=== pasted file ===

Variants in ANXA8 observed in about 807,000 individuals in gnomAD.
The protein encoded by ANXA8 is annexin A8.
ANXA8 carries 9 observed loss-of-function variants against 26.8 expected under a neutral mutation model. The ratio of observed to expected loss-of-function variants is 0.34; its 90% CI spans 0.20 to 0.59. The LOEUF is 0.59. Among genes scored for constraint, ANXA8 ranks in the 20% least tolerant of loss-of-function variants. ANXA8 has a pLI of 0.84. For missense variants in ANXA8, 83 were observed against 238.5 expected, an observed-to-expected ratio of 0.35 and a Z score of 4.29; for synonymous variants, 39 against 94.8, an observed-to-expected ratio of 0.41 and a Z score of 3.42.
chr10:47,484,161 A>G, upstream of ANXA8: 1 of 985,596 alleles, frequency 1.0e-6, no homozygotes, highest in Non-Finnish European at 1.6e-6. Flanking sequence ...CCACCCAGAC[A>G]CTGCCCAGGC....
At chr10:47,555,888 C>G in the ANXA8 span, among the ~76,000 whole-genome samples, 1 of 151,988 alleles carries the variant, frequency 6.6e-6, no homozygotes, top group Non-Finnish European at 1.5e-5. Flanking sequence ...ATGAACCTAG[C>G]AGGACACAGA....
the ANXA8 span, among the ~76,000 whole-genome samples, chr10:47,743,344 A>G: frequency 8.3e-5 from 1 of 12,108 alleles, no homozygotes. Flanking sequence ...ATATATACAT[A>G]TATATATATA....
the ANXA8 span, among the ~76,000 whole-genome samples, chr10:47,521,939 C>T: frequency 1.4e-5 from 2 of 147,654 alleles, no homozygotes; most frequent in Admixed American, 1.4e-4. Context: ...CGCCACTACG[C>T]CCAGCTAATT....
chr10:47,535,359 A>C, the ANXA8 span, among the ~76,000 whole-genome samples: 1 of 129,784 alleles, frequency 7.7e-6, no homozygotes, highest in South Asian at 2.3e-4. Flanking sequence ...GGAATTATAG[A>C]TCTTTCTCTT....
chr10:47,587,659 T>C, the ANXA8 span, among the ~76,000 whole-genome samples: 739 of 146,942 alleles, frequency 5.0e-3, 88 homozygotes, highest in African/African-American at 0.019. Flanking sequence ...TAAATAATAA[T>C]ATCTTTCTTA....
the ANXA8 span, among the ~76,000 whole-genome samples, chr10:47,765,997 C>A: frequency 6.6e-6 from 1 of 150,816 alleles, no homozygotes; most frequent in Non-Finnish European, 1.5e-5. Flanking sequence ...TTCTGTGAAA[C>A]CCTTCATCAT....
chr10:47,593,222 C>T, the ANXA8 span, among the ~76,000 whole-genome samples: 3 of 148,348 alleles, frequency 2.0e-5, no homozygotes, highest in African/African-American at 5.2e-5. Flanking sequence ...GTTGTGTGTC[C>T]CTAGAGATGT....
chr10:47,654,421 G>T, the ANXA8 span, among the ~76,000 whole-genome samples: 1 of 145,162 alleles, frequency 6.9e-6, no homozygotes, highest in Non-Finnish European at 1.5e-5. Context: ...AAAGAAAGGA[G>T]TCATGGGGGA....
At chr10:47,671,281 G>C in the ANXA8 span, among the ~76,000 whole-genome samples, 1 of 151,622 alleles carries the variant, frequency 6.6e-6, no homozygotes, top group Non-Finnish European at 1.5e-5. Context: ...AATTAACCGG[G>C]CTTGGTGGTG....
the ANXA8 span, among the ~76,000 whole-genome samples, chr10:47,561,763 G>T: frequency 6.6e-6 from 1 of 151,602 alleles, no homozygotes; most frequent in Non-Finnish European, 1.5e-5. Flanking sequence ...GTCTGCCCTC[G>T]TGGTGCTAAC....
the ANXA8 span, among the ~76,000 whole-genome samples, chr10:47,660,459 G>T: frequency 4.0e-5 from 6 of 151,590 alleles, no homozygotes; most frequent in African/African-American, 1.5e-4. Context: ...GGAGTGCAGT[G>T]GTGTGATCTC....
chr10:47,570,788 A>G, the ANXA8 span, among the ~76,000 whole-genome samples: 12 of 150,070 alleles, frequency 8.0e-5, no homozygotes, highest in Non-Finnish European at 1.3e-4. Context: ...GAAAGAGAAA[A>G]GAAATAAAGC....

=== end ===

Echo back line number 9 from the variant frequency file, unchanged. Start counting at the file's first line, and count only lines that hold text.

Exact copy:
chr10:47,587,659 T>C, the ANXA8 span, among the ~76,000 whole-genome samples: 739 of 146,942 alleles, frequency 5.0e-3, 88 homozygotes, highest in African/African-American at 0.019. Flanking sequence ...TAAATAATAA[T>C]ATCTTTCTTA....